Goodbye Emergent: Why I’m Taking The Theology of the Emerging Church To Task
writes Jeremy Bouma …
I’m not exactly sure when my saucy love affair with emergent and liberal Christianity ended. My “I don’t” isn’t as crystalized as my “I do.” Maybe it was when I read Pelagius‘ writings and realized much of Emergent theology really does mirror his 5th century theology.
Maybe it was after the former head of Emergent Village, Tony Jones, rejected original sin, a historic part of the Rule of Faith, claiming that it is “neither biblically, philosophically, nor scientifically tenable.
Maybe it was when I read Fredrick Schleiermacher and realized his and modern liberalism’s vapid, gospel-less faith are being repackaged and popularized to an unsuspecting, ignorant Christian community as a wholesome alternative to what has been.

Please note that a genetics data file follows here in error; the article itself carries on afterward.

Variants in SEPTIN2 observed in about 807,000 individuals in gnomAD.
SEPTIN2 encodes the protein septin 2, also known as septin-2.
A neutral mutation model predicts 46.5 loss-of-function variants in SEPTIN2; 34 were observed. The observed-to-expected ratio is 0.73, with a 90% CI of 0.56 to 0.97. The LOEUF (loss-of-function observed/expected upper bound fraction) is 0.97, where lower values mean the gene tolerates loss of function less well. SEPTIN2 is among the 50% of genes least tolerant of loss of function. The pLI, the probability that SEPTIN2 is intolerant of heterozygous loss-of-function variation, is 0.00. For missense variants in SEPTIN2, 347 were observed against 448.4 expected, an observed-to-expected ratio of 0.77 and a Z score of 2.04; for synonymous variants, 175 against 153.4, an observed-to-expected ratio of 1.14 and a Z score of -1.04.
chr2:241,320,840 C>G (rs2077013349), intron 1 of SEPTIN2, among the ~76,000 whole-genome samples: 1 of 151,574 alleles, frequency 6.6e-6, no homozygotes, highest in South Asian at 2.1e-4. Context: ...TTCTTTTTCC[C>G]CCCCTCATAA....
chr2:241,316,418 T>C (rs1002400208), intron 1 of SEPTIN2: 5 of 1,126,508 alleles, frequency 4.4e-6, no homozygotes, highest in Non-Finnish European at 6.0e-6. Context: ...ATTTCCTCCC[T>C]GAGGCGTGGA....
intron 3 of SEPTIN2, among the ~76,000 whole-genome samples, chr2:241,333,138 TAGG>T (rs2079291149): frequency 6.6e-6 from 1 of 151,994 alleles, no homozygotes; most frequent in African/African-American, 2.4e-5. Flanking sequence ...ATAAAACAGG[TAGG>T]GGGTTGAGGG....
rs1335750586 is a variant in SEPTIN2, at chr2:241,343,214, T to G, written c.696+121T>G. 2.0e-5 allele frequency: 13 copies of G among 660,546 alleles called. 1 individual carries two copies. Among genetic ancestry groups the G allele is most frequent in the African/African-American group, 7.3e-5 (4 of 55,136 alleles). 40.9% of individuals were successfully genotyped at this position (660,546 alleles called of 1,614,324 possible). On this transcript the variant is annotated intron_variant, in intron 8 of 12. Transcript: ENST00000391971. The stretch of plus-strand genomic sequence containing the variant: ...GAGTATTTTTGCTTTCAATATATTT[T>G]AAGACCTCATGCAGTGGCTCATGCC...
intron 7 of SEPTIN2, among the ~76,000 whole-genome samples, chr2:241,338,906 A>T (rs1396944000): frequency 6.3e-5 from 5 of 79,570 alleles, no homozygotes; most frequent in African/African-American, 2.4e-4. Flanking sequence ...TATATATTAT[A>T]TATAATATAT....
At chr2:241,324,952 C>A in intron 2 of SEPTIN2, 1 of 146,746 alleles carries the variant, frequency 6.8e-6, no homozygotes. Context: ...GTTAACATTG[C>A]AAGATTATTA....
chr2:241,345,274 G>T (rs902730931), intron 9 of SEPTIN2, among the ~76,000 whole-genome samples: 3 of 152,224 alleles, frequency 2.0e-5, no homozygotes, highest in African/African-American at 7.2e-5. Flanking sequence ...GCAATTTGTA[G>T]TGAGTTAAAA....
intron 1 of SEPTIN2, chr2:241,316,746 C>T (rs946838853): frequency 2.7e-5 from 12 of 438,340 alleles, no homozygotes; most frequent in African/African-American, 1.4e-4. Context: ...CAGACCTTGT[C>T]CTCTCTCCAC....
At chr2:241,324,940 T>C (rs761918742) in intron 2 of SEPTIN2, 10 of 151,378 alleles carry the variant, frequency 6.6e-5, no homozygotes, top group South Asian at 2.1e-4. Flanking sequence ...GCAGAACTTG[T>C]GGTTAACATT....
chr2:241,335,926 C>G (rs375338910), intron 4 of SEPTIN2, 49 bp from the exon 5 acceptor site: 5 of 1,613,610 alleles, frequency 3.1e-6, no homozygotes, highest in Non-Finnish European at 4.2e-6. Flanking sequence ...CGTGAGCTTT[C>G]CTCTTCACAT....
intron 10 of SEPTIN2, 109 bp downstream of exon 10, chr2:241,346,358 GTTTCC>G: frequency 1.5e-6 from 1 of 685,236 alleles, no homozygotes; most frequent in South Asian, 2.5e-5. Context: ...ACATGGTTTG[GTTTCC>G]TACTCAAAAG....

Maybe it was after I read Karl Barth and realized the natural theology pushed by popular emergent theologians is not revitalizing Christian faith, but killing it; it is the same kind of faith Barth so vociferously fought against in order to preserve the historic Rule of Faith.
Maybe it was after reading a leading emerging church voice suggest that God and grace and the Kingdom of God are not tied directly and exclusively to Jesus Christ; ultimately its not really about Jesus, but about a vanilla, generalized World-Spirit god (lower-case “g”)
on Monday, February 8, 2010